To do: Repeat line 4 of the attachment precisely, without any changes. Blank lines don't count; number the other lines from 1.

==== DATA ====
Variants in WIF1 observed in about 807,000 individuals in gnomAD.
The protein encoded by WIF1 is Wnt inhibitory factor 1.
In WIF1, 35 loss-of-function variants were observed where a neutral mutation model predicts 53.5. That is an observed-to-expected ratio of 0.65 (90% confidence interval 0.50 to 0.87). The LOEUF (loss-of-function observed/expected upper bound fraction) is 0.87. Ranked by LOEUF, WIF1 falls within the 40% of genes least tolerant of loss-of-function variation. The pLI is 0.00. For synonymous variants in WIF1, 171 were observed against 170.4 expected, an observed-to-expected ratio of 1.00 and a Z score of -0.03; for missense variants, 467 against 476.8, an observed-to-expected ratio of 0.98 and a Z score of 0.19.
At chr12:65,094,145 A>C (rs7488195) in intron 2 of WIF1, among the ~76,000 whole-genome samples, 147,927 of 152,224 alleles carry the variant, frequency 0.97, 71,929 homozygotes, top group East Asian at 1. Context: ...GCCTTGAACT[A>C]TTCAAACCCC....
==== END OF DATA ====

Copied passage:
At chr12:65,094,145 A>C (rs7488195) in intron 2 of WIF1, among the ~76,000 whole-genome samples, 147,927 of 152,224 alleles carry the variant, frequency 0.97, 71,929 homozygotes, top group East Asian at 1. Context: ...GCCTTGAACT[A>C]TTCAAACCCC....